“Hey mate hey mate hey maaaaaaaate.” The kid wanted attention. I was coming out of the concrete wall outside St Albans station in the early afternoon.

“Hey maaaaate.” He was anglo, obese, and dressed in Dimmey’s finest. His hoodie was hanging down on his back. Perhaps he couldn’t get it over his neck.

“What do you want kid?”

“Are you a p-dophile?”

“Fuck off.”

“Cos you got a beard.” The three other kids leaning against the wall dissolved in laughter. I was a few metres further on before the kid yelled, more plaintively “got a cigarette?”

This was about two weeks ago. I’d gone to St Albans on Melbourne’s west to get into trouble. Not trouble, really. Just to see how long it took to get bailed up, challenged, by the simple expedient of jumping off at every station on the line.

The west has become a focus of obsession, with spikes, or perceived spikes, in assaults, robberies and general intimidation — as part of the wider flourishing of street violence in Melbourne, something that Victoria’s top cop Simon Overland is blaming on “generation Brat”, whose parents “couldn’t say no to them”. Now, at least Grand Theft Auto isn’t being blamed for violence — the Christmas XBox you play it on is.

As I showed yesterday, Overland’s assertion bears no relation to the facts. Violent crime in the West rose from the mid-60s to the mid-90s, after which it more or less levelled off. But there doesn’t seem much doubt that the streets of Melbourne have got “heavier”, both in the CBD, and around the inner west. Asking why is not the first question. The first question is whether this “violence” is even the one thing.

There’s clearly different things going on.

  1. Intentional intimate violence — i.e. people in the CBD getting pissed and slugging it out with people they’re hanging around with.
  2. Anonymous occasional violence — people getting p-ssed and slugging a stranger for the hell of it, or because they couldn’t get laid, etc.
  3. Escalated violence — something that would otherwise be a fistfight turning into something more, i.e. a stabbing.
  4. Mugging, for purely financial gain.
  5. Racially motivated attacks.
  6. Mugging, with a racial component.
  7. “Gang” crimes with a non-financial motive.

The first three of these are focused in the CBD, the latter four in the inner west, and, to a lesser extent, the outer east.

But they obviously have nothing in common, except that they’re violence.

The more casual violence of the CBD is a lot of things. Partly, it’s the old violence that used to be less visible out around suburban beer barns — many of which are now closing, as the CBD and other inner areas become the place to go. Partly it’s sheer levels of drunkenness, as spirits replace beer as the tipple of choice. Melbourne’s high levels of amphetamine use — and high levels of amphetamine in what is ostensibly ecstasy — fuel aggression. The culture of the crawl, rather than staying at one pub, increases circulation, and so on.

But there is also a deeper cultural process going on, and one that covers both the more random CBD violence and what goes on further out — a culture of challenge and “respect”, which has developed in recent years. The one thing you notice on a Saturday night in Melbourne is that people can’t leave it alone — a bump in the street, harsh words, etc escalate in a way that has 19-year-olds who live with their mums acting like they were big gangstas. “You dissin me,” etc etc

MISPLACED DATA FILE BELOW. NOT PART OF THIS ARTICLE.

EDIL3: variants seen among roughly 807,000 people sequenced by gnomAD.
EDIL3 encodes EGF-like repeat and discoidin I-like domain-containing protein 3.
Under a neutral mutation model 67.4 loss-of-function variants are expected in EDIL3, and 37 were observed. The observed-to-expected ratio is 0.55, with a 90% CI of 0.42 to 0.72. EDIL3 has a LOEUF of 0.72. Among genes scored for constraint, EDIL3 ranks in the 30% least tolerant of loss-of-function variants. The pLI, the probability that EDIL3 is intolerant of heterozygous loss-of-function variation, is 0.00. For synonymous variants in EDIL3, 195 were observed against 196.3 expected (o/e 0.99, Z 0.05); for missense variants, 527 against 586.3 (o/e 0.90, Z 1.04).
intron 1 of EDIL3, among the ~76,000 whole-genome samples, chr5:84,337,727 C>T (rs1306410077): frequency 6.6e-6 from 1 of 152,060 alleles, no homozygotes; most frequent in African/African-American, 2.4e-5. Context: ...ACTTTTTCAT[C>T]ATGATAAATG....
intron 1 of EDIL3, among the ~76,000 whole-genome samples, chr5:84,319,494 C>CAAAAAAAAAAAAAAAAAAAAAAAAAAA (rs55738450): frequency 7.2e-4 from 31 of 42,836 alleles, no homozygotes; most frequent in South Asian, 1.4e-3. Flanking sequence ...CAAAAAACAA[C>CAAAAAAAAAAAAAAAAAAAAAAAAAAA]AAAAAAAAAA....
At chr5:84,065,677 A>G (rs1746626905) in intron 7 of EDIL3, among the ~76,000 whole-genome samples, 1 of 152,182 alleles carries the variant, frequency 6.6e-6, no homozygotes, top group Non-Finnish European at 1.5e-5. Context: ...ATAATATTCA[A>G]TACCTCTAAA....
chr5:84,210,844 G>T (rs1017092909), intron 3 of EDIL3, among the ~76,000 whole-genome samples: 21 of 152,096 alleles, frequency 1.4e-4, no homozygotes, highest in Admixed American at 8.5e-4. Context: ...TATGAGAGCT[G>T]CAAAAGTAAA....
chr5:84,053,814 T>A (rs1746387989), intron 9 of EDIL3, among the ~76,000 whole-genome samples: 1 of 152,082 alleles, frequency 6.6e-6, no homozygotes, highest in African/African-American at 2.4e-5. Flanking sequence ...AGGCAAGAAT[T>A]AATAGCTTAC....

The de-inhibiting effect of alcohol and drugs has an effect, but chemicals of themselves can’t achieve this effect, unless a cultural script is already in place. In Finland, to give one example, people drink in one evening an amount that would have your average Aussie in an ICU, yet they either slink off to weep, fall in a lake or occasionally stab their partners (the French kill their livers, the Finns kill their lovers). What they don’t do is attack strangers.

The “respect” culture, the exhausting aggressiveness is an assertion of atomised individualism, a getting the first punch in against an indifferent world. The same thing underlies opportunistic violence in the West. What’s noticeable about the kids hanging round these stations is that they’re not in gangs, so much as small packs of individuals, whose personal style — bad gangsta rapper gestures, the hoodie all the way over — is not an expression of confidence, but a perpetually threatened and hostile resentment, a desperate desire for impact.

Far from being a generation that has it all, the kids at the station look like they don’t have much of anything. In a region stripped of manufacturing jobs, locked out of further education, effectively left to rot by a Labor government, the violence directed against Indian students is both racial and non-racial, directed against people from an international class who are going places that they’re not — trying to make a division between opportunistic and racial crimes is a false dichotomy. Often, attacking an Indian kid is simply a bonus for someone who was going to attack someone anyway.

Respec respec respec — that is the demand beneath most of the violence that’s suddenly become more visible, mobile, and common. If the government really wants to tackle violence, it will have to look at the deeper causes in the profound social changes of the last quarter century, rather than simple moralising that makes tabloid readers feel better about themselves. The kids on the concrete wall want something they think can be got by sledging and stabbing, and the fact that there’s less of a distinction between the two than there used to be is telling indeed.